What you need to know about the SARS-COV-2 vaccine and allergies

CDC's ACIP Expands on Precautions and Contraindications for Pfizer Vaccine

What to know:

“Severe allergic reaction (e.g., anaphylaxis) to any component of the Pfizer-BioNTech COVID-19 vaccine is a contraindication to vaccination listed in the prescribing information. Anaphylactic reactions in persons outside of clinical trials have been reported. While these reports are further investigated, CDC considers a history of severe allergic reaction (e.g., anaphylaxis) to any other vaccine or injectable therapy (e.g., intramuscular, intravenous, or subcutaneous) as a precaution but not a contraindication to vaccination. In persons who report a history of anaphylaxis to another vaccine (i.e., any other vaccine besides the Pfizer-BioNTech COVID-19 vaccine) or injectable therapy, a risk assessment should be conducted to determine type of reaction and certainty of information.

For example, whether the medication was administered by injection or another route or whether the reaction constituted a severe allergic reaction (e.g., required use of epinephrine [EpiPen®, etc.], resulted in hospitalization). These persons may still receive vaccination, but they should be counseled about the unknown risks of developing a severe allergic reaction and balance these risks against the benefits of vaccination. A history of mild allergic reaction to a vaccine or injectable therapy, such as urticaria alone without signs or symptoms of anaphylaxis, is not a contraindication or precaution to Pfizer-BioNTech COVID-19 vaccination. In addition, allergic reactions (including severe allergic reactions) not related to vaccines or injectable therapies (e.g., food, pet, venom, environmental, or latex allergies; oral medications [including the oral equivalents of injectable medications]) are not a contraindication or precaution to vaccination with Pfizer-BioNTech COVID-19 vaccine.”

Additional discussion about clinical considerations for use of the vaccine can be found here.

Allergists need to know that the CDC/ACIP/FDA and NIAID are aware of the reactions that have occurred and are actively working, along with leadership of the AAAAI, to determine the cause for these reactions, and developing protocols to help you deal with them.

Added Precautions

  1. The CDC has also issued guidelines on precautions and management of anaphylaxis to sites that administer the vaccines.
  2. Recommendations are to avoid any other vaccinations for 14 days before or after the SARS-CoV-2 vaccine, but if you have had another vaccine within that 14 day window, don’t wait to get this vaccine.
  3. Recommendations are to defer vaccination for 90 days after receiving convalescent plasma or monoclonal antibody treatment for COVID-19.

About the Moderna Vaccine:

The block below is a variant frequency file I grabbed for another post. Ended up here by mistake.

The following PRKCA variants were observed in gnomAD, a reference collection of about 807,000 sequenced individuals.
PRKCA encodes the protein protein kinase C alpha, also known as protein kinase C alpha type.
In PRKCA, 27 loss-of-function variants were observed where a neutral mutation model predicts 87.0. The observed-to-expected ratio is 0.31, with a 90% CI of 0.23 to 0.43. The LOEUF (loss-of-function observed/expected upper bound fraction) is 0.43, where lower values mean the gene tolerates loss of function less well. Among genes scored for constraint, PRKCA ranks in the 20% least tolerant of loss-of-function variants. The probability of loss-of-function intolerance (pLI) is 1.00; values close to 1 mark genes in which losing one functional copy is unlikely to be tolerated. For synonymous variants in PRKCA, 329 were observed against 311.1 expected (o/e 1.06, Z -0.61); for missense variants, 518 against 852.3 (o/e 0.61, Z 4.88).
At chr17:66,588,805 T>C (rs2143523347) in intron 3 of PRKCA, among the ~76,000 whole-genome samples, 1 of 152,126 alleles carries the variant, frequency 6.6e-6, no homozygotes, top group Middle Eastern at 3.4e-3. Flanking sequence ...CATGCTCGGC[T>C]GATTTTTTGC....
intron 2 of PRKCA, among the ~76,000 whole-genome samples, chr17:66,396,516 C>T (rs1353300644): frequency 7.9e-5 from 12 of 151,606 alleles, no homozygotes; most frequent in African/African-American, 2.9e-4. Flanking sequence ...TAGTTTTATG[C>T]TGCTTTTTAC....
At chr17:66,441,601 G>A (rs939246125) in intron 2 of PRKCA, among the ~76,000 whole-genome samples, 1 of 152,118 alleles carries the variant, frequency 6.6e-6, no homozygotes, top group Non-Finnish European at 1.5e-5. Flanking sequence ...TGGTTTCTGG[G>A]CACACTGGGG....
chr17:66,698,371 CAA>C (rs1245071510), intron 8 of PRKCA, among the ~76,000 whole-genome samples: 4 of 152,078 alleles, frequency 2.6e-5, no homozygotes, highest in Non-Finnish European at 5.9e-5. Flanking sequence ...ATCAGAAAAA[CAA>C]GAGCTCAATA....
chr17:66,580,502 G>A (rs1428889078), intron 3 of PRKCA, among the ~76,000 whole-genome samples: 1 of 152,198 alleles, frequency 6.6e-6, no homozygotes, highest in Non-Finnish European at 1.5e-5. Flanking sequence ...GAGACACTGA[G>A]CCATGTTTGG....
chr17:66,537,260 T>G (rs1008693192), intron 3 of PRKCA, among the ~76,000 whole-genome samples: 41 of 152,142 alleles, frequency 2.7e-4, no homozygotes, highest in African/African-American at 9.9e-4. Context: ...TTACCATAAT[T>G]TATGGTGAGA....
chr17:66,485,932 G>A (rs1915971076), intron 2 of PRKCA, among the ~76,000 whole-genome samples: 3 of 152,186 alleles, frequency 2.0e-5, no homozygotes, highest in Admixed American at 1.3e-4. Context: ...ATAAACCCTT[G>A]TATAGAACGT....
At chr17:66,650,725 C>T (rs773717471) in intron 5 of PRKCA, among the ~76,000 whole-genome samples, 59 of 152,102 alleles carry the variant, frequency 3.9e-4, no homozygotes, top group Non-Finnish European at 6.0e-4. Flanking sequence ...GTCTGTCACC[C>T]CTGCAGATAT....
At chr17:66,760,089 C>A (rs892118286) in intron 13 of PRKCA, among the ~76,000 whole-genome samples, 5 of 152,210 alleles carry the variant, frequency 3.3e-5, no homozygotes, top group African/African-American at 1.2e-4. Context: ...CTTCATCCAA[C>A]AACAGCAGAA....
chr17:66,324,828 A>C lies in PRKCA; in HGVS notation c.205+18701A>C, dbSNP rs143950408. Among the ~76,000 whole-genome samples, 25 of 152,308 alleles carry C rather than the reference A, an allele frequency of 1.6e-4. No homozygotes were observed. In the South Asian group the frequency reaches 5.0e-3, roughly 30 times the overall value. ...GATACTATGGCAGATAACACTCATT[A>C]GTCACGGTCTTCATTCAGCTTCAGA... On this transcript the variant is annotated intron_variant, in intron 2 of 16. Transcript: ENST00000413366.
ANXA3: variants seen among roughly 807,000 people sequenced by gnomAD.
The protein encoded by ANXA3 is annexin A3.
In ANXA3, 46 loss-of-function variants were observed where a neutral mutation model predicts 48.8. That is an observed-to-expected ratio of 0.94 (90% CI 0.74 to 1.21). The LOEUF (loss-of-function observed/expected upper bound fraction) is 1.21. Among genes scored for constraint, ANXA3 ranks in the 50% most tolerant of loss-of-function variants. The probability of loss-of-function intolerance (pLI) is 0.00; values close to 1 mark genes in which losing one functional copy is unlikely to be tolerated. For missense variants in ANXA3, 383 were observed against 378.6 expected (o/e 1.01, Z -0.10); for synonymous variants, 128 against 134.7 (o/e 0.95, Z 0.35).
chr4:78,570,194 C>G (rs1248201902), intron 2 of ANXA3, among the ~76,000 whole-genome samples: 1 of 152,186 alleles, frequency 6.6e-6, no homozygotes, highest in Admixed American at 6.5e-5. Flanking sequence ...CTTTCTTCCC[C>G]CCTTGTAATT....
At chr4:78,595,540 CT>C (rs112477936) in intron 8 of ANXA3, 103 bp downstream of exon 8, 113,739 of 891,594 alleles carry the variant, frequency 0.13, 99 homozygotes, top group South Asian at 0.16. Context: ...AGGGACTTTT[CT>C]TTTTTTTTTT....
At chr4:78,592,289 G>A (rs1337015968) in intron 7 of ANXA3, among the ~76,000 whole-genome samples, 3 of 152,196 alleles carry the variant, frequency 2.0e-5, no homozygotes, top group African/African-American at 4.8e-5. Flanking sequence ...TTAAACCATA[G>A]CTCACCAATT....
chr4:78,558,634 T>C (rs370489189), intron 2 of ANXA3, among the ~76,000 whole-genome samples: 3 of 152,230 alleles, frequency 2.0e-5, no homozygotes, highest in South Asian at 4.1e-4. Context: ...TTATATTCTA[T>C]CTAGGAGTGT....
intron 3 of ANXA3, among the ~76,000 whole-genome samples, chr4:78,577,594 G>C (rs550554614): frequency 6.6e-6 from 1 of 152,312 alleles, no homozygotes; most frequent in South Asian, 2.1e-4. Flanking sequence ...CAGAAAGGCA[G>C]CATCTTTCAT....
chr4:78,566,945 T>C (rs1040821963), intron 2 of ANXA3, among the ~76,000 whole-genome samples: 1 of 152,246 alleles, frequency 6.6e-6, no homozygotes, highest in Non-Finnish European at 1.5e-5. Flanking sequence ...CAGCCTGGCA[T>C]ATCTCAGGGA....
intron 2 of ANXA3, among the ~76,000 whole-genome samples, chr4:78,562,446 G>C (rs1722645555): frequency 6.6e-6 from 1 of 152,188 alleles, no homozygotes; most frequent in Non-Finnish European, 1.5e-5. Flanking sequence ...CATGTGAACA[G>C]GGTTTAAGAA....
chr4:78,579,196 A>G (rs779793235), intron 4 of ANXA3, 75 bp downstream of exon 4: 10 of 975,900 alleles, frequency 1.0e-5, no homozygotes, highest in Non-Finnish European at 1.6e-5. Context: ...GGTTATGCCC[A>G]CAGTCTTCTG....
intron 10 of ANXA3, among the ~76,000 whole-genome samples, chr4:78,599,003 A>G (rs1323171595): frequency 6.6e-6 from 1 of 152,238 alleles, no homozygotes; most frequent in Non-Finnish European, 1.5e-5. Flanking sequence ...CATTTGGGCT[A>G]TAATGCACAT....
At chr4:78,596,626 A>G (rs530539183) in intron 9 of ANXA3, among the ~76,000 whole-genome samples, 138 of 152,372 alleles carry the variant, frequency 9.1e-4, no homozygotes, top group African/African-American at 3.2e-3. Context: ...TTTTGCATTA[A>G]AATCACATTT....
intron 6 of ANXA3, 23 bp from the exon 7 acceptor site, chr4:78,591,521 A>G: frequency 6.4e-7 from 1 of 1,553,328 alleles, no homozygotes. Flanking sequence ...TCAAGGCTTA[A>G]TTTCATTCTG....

This vaccine has been granted an EUA and approval from the CDC/ACIP.

Results from the clinical trials are very similar in efficacy and safety compared to the Pfizer vaccine. The FDA
Briefing Document can be found here. This document presents both interim analysis using a data cutoff of
November 7, with a median follow-up of 7 weeks post-dose one, and the final scheduled analysis from a data cutoff of November 21, with a median follow-up >2 months post-dose two. This summary covers the final scheduled analysis.


The most common adverse reactions: injection site pain (91.6%), fatigue (68.5%), muscle pain (59.6%), joint pain (44.8%), chills (43.4%), fever (14.8%). Most of these were mild to moderate, began on day 1-2 and lasted 2 days. A small number of participants reported systemic reactions longer than 7 days, but there was no difference between vaccinated and placebo groups. Lymphadenopathy (axillary) was reported in 21.4% of vaccine recipients <65 years of age, and 12.4% in those >65 years of age, compared to 7.5% and 5.8% in placebo in those age groups respectively. Severe adverse reactions occurred in 0.2% to 9.7% of participants, and were more frequent after the second dose and less common in those 65 years of age and older. Hypersensitivity adverse events were slightly greater in the vaccine group (1.5%) compared to the placebo group (1.1%). There were no anaphylactic or severe hypersensitivity reactions. This vaccine also contains PEG in the lipid capsule. Serious adverse events were low (1.0%) without meaningful imbalances between study arms. Other than the differences in the age groups and reactogenic reactions, there were no safety differences with respect to race, ethnicity, gender or pre-existing conditions.


Vaccine efficacy was 94.1% (95% CI 89.3%, 96.8%) with 11 cases of COVID-19 in the vaccine group and 185 cases in the placebo group. Unlike the interim data, the vaccine efficacy when stratified by age group was 95.6% (95% CI 90.6%, 97.9%) for participants 18 to <65 years of age and 86.4% (95% CI 61.4%, 95.5%) for participants 65 years of age or older. Other than the age group difference, there were no vaccine efficacy differences based on race, ethnicity, gender or medical comorbidities associated with high risk for severe COVID-19. Vaccine efficacy against severe COVID-19: 30 cases in the placebo group, 0 in the vaccine group. Vaccine efficacy after the first dose was 80.2% (95% CI, 55.2%, 92.5%) in the 2,000+ patients who only received one dose, but these patients were only followed for 28 days.

*Efficacy against asymptomatic infection: preliminary data only, NP swabs were collected pre-dose one and pre-dose two. Number of positive swabs pre-dose two in negative baseline participants was 14 in the vaccine group and 38 in the placebo group, suggesting that some asymptomatic infections may be prevented with just the first dose.

If you have any questions or concerns, please call the clinic.